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and

Digital Systems

Objectives

In this lesson, some basic concepts regarding information processing and

representation are clarified. These include:

1. “Analog” versus “Digital” parameters and systems.

2. Digitization of “Analog” signals.

3. Digital representation of information.

4. Effect of noise on the reliability and choice of digital system

representation.

Digital versus Analog

• We live in an “Analog” world.

• For example, earth’s movement around the sun is continuous or “Analog”.

• In an “Analog” system, parameters have a continuous range of values Æ

the function has no discontinuity points

• The word “Digital”, however, means just the opposite.

• In Other words, digital parameters don’t have a “Continuous” range.

• As an example, the day of the month is a parameter that may only assume

one value out of a set of limited discrete values {1, 2, 3, …., 31}.

• Thus, the day of the month is a parameter may not assume a value of 2.5

and so on with no intermediate values!!!

To Summarize:

• Analog Systems deal with Continuous Range of values.

• A. Digital systems are easier to design since dealing with a limited set of

values is significantly simpler.

• Since the world around us is analog, and processing of digital parameters

signals) into a digital form in order to allow for efficient transmission and

processing of these parameters (or signals)

• To convert an Analog signal into a digital one, some loss of accuracy is

inevitable since digital systems can only represent a finite discrete set of

values.

• The process of conversion is known as Digitization or Quantization.

version of analog signals.

• Digital-to-analog-converters (DAC) are used to regenerate analog signals

• A typical system consists of an ADC to convert analog signals into digital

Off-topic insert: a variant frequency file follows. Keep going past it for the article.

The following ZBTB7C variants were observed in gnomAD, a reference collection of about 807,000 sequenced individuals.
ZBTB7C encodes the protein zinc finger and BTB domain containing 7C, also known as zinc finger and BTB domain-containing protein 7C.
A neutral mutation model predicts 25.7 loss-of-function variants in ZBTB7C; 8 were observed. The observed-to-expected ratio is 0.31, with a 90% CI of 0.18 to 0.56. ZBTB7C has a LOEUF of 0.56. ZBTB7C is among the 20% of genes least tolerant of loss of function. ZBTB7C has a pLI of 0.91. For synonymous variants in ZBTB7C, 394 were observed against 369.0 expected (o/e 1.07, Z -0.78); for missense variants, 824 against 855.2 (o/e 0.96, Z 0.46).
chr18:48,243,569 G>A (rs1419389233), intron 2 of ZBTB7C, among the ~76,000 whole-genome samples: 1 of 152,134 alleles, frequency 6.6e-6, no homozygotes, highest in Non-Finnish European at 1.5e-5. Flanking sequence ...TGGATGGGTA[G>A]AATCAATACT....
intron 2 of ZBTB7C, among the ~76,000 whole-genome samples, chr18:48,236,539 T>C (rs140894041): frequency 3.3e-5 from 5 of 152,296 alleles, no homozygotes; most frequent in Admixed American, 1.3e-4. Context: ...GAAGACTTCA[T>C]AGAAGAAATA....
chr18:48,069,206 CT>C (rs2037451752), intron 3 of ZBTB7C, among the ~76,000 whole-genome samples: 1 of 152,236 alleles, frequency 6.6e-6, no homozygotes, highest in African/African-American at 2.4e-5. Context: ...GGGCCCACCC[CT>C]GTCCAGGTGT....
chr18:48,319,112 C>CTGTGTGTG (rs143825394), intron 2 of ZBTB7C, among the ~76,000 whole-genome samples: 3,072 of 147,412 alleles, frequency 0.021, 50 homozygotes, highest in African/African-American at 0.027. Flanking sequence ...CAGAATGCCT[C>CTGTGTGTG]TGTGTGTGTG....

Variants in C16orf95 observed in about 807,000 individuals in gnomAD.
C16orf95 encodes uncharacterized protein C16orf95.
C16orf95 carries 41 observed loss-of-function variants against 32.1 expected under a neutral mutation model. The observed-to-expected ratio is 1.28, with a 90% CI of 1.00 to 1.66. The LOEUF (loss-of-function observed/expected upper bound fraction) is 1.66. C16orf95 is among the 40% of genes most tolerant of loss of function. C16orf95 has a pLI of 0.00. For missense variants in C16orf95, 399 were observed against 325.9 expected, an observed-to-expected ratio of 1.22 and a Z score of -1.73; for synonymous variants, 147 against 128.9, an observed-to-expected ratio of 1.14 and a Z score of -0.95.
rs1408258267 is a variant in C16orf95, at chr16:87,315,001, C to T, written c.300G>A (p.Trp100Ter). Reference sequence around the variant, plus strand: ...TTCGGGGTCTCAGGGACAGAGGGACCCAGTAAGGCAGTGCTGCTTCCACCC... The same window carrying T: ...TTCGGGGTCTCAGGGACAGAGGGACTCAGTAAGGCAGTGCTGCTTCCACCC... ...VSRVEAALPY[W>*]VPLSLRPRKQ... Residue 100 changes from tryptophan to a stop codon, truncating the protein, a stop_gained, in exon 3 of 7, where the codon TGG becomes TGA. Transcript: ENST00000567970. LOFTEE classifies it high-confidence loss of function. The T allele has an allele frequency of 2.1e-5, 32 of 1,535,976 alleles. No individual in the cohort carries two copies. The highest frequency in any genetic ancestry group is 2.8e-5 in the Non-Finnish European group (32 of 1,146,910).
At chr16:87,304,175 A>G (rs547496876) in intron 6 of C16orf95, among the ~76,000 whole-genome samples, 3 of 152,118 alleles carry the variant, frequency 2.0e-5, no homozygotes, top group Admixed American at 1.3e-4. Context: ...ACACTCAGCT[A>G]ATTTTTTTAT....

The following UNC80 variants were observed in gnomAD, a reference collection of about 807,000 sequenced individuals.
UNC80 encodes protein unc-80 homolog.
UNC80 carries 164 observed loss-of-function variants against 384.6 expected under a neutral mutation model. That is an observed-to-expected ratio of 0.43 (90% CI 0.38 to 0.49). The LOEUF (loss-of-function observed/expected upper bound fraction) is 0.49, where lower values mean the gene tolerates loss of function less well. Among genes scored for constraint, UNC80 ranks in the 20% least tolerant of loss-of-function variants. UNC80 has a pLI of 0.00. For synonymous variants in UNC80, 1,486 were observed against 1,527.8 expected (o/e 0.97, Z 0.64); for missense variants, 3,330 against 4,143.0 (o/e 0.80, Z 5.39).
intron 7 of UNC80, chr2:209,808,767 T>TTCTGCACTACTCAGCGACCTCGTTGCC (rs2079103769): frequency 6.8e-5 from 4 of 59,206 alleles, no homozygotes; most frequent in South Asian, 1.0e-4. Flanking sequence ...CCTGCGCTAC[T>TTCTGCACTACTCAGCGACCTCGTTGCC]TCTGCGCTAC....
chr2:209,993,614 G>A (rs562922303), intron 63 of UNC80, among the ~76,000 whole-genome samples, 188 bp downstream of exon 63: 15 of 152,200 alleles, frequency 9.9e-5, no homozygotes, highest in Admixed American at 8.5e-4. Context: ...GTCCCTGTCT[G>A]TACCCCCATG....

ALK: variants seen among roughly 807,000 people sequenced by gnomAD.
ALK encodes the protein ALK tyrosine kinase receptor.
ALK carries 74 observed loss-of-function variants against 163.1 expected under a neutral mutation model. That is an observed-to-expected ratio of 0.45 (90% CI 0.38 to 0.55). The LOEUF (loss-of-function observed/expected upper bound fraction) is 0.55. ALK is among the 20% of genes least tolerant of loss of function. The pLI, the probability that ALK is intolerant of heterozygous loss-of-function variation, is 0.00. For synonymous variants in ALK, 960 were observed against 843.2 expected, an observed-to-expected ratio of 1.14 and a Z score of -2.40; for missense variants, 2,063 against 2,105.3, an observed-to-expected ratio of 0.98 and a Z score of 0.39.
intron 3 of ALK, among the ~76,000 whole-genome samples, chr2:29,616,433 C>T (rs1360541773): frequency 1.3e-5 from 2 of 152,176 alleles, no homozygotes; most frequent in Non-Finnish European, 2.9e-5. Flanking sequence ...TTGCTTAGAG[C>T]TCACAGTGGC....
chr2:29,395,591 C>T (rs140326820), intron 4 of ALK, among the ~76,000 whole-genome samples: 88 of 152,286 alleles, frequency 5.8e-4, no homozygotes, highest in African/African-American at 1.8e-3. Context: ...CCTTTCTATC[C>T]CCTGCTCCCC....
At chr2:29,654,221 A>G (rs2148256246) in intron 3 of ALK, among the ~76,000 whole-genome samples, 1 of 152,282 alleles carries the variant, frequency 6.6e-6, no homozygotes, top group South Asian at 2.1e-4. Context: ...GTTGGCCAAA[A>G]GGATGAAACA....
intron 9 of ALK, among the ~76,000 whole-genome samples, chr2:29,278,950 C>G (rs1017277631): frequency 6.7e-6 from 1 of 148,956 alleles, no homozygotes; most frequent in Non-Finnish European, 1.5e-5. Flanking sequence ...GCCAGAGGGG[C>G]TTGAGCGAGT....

form which is then transformed back to analog form through a DAC.

where both the input and output signals are digital signals.

Digitization Example

• As an example, consider digitizing the shown voltage signal assuming that

the digitized version allowed set of discrete voltages is {V1, V2, V3, V4}.

• Analog signal values are mapped to the closest allowed discrete voltage ∈

The Resulting Digitized Waveform

Information Representation

How Do Computers Represent Values (e.g. V1, V2, V3, V4) ?

1. Using Electrical Voltages (Semiconductor Processor, or Memory)

2. Using Magnetism (Hard Disks, Floppies, etc.)

3. Using Optical Means (Laser Disks, e.g. CD’s)

• Each signal represents a digit in some Number System

• If the Decimal Number System is used, each signal should be capable

of representing one of 10 possible digits ( 0-to-9)

• If the Binary Number System is used, each signal should be capable of

representing only one of 2 possible digits ( 0 or 1).

• Digital computers, typically use low power supply voltages to power

internal signals, e.g. 5 volts, 3.3 volts, 2.5 volts, etc.

• The voltage level of a signal may be anywhere between the 0 voltage

level (Ground) and the power supply voltage level (5 volts, 3.3 volts,

2.5 volts, etc.)

• Thus, for a power supply voltage of 5 volts, internal voltage signals

may have any voltage value between 0 and 5 volts.

• Using a decimal number system would mean that each signal should

be capable of representing 10 possible digits ( 0-to-9).

• With 5 volt range signals, the 10 digits of the decimal system are

represented with each digit having a range of only 0.5 a volt

• If, however, a binary number system is used only 2 digits {0, 1} need

to be represented by a signal, allowing much higher Voltage range of

5 volts between the 2 binary digits.

The Noise Factor

• Typically, lots of noise signals exist in most environments.

• Noise may cause the voltage level of a signal (which represents some

digit value) to be changed (either higher or lower) which leads to

misinterpretation of the value this signal represents.

misinterpretation of the signal information.

• Q. Which is more reliable for data transmission; binary signals or

decimal signals ?

• A. Binary Signals are more reliable.

• Q. Why?

• A. The Larger the gap between voltage levels, the more reliable the

system is. Thus, a signal representing a binary digit will be

transmitted more reliably compared to a signal which represents a

decimal digit.

• For example, with 0.25 volts noise level using a decimal system at 5

volts power supply is totally unreliable

Conclusions

• Information can be represented either in an analog form or in a digital

form.

• Due to noise, it is more reliable to transmit information in a digital

form rather than an analog one.

• Processing of digitally represented information is much more reliable,

flexible and powerful.

• Today’s powerful computers use digital techniques and circuitry.

• Because of its high reliability and simplicity, the binary representation

of information is most commonly used.

• The coming lessons in this chapter will discuss how numbers are

represented and manipulated in digital system.

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